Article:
Londoners can expect to be caught in the crossfire as union leaders declare war over today's massive cuts to London Underground.
A former London Underground station, used as a Second World War anti-Luftwaffe command centre, is being sold by the Ministry of Defence.
Both commuters and tourists can struggle with the layout of the London tube map but a new circular design could end their travel woes.
London Underground says it will launch a new 'Night Tube", which means trains on some lines will run at the weekend for 24 hours:
- Central Line
- Jubilee Line
- Northern Line
- Piccadilly Line
- Victoria Line
The overnight service is due to start in 2015.
The woman was at South Kensington station when she pushed the pram onto the tube, only for the doors to shut before she could board.
Despite passengers pulling the emergency cord, the train continued to the next station, Gloucester Road.
Transport for London staff called ahead to Gloucester Road, where the baby was taken off the train by a couple and a passenger Malcolm Dyer, 59, before the mother was reunited with her child.
Mr Dyer told the BBC: "She pushed the pram on and all of a sudden the doors shut on to her hands, so she naturally let go and left the baby on there and the train started moving.
"I shouted at someone to pull the alarm, which they did and the train stopped momentarily. The baby was merrily sleeping, unaware of anything that had happened."
The Queen, the Duke of Edinburgh and the Duchess of Cambridge are going underground, to celebrate the 150th birthday of the tube.
The Royal party will be greeted at Baker Street by the Commissioner of Transport for London, Sir Peter Hendy, and the Managing Director of London Underground Mike Brown.
They'll meet maintenance and train staff and will view a restored 1892 underground coach. They'll then walk through a new S7 train where the queen will unveil a plaque, naming the train Queen Elizabeth II.
An old version of London Underground's iconic 'Mind the Gap' announcement is to be restored at Embankment Tube station, after the widow of the actor who recorded it asked for the chance to hear her husband's voice again.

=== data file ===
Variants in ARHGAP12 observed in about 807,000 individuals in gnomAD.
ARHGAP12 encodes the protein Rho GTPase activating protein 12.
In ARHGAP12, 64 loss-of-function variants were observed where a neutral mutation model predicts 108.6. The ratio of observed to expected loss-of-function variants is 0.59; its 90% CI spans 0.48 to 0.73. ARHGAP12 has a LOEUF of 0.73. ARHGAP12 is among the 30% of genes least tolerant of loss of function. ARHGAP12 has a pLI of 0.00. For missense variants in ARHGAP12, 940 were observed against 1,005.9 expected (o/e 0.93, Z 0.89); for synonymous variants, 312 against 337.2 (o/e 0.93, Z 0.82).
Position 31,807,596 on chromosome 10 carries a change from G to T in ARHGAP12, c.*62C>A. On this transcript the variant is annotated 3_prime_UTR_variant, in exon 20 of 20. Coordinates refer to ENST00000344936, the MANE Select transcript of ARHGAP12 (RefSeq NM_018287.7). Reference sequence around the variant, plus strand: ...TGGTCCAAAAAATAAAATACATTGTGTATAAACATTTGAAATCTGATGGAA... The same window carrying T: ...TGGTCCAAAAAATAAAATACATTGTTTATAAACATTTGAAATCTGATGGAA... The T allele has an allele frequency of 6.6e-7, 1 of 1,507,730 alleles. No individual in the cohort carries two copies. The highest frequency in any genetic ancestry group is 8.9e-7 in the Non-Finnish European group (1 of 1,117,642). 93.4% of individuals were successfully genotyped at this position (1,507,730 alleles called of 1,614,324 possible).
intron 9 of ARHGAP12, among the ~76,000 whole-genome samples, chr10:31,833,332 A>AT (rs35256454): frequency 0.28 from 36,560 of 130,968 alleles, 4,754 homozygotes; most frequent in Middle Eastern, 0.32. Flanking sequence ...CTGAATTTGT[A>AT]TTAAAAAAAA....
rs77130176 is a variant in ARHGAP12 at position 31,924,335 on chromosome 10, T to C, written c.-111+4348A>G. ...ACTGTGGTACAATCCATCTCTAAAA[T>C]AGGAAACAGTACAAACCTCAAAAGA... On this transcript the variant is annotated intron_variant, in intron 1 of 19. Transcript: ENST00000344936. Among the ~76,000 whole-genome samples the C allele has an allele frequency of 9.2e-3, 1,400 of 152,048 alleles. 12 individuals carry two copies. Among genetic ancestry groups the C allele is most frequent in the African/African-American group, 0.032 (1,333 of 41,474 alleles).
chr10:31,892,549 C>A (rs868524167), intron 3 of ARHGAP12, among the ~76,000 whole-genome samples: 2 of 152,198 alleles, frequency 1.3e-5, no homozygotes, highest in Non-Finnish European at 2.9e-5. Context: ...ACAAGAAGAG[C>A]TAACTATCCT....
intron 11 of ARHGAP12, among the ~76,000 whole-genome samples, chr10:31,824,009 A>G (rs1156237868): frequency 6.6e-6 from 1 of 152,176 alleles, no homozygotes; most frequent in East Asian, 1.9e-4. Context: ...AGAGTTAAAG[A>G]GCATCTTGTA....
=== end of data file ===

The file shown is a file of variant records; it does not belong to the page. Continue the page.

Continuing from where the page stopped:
Oswald Laurence made the recording more than 40 years ago and could be heard all over the capital until it was phased out.
Embankment eventually became the only station to play the message, with Mr Laurence's widow telling staff she used to go there after his death so she could listen to his voice until it was eventually discontinued there too.
London Underground director Nigel Holness said: "Transport for London were approached by the widow of Oswald Laurence to see whether she could get a copy of the iconic 'mind the gap' announcement her husband made over 40 years ago.
"We were very touched by her story, so staff tracked down the recording and not only were they able to get a copy of the announcement on CD for her to keep but are also working to restore the announcement at Embankment station."
Artist Ross Ashmore has embarked on an ambitious task of painting all 267 London Underground Stations.
So far he has completed 210 and the project has taken him 3 years.
To coincide with this year's 150th Anniversary of London Underground, he will finally complete all the paintings, of all the stations, this summer.Ross' paintings are about to go on display for one month in a pop-up gallery that Londoners can visit for free.
The show runs from 4th March - 5th April at the Space gallery in Southgate.
London Underground, Tube Lines Ltd and Schweerbau GMBH had pleaded guilty to endangering passengers and staff under Health and Safety law, after the 39-tonne maintenance wagon hurtled through seven stations before it could be stopped.
A train in front of it was told to keep going and not stop, while its passengers were told to run to the front carriages, the Old Bailey heard.
Judge Richard Hone said: "There was the potential of terrible tragedy."
He said the runaway train was out of control for four miles during 16 minutes.
"To those involved it must have seemed an extremely frightening eternity," he added.